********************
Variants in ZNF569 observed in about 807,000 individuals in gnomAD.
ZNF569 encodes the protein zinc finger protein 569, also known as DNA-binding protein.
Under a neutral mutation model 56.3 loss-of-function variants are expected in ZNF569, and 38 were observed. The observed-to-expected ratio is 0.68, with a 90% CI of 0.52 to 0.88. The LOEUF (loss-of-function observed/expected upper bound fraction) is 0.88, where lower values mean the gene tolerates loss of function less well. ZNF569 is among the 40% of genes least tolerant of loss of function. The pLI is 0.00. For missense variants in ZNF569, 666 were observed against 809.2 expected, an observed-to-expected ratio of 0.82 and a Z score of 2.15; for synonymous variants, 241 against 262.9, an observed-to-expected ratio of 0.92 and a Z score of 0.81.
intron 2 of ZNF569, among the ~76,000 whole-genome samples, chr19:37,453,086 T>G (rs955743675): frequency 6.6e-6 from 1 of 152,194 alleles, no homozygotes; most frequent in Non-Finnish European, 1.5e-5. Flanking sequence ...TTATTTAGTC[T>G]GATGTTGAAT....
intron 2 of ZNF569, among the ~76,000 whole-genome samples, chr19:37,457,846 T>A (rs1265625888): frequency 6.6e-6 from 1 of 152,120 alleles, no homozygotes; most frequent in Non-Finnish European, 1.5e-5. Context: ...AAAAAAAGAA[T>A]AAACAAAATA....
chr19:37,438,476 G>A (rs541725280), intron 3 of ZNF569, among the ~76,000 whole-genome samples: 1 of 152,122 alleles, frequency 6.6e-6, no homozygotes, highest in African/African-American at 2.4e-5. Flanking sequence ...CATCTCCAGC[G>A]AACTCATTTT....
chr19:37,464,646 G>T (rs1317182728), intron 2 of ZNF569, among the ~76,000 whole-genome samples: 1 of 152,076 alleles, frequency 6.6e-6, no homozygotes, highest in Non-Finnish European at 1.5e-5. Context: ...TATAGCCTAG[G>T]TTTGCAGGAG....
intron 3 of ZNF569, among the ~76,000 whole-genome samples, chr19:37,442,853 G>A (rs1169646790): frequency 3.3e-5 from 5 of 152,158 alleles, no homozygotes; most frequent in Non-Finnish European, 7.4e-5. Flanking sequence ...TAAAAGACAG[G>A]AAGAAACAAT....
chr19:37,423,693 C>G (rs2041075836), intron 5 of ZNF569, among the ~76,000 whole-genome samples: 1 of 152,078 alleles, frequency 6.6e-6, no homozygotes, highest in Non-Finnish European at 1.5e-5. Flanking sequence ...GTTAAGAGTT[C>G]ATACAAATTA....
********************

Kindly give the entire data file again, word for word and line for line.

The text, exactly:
Variants in ZNF569 observed in about 807,000 individuals in gnomAD.
ZNF569 encodes the protein zinc finger protein 569, also known as DNA-binding protein.
Under a neutral mutation model 56.3 loss-of-function variants are expected in ZNF569, and 38 were observed. The observed-to-expected ratio is 0.68, with a 90% CI of 0.52 to 0.88. The LOEUF (loss-of-function observed/expected upper bound fraction) is 0.88, where lower values mean the gene tolerates loss of function less well. ZNF569 is among the 40% of genes least tolerant of loss of function. The pLI is 0.00. For missense variants in ZNF569, 666 were observed against 809.2 expected, an observed-to-expected ratio of 0.82 and a Z score of 2.15; for synonymous variants, 241 against 262.9, an observed-to-expected ratio of 0.92 and a Z score of 0.81.
intron 2 of ZNF569, among the ~76,000 whole-genome samples, chr19:37,453,086 T>G (rs955743675): frequency 6.6e-6 from 1 of 152,194 alleles, no homozygotes; most frequent in Non-Finnish European, 1.5e-5. Flanking sequence ...TTATTTAGTC[T>G]GATGTTGAAT....
intron 2 of ZNF569, among the ~76,000 whole-genome samples, chr19:37,457,846 T>A (rs1265625888): frequency 6.6e-6 from 1 of 152,120 alleles, no homozygotes; most frequent in Non-Finnish European, 1.5e-5. Context: ...AAAAAAAGAA[T>A]AAACAAAATA....
chr19:37,438,476 G>A (rs541725280), intron 3 of ZNF569, among the ~76,000 whole-genome samples: 1 of 152,122 alleles, frequency 6.6e-6, no homozygotes, highest in African/African-American at 2.4e-5. Flanking sequence ...CATCTCCAGC[G>A]AACTCATTTT....
chr19:37,464,646 G>T (rs1317182728), intron 2 of ZNF569, among the ~76,000 whole-genome samples: 1 of 152,076 alleles, frequency 6.6e-6, no homozygotes, highest in Non-Finnish European at 1.5e-5. Context: ...TATAGCCTAG[G>T]TTTGCAGGAG....
intron 3 of ZNF569, among the ~76,000 whole-genome samples, chr19:37,442,853 G>A (rs1169646790): frequency 3.3e-5 from 5 of 152,158 alleles, no homozygotes; most frequent in Non-Finnish European, 7.4e-5. Flanking sequence ...TAAAAGACAG[G>A]AAGAAACAAT....
chr19:37,423,693 C>G (rs2041075836), intron 5 of ZNF569, among the ~76,000 whole-genome samples: 1 of 152,078 alleles, frequency 6.6e-6, no homozygotes, highest in Non-Finnish European at 1.5e-5. Flanking sequence ...GTTAAGAGTT[C>G]ATACAAATTA....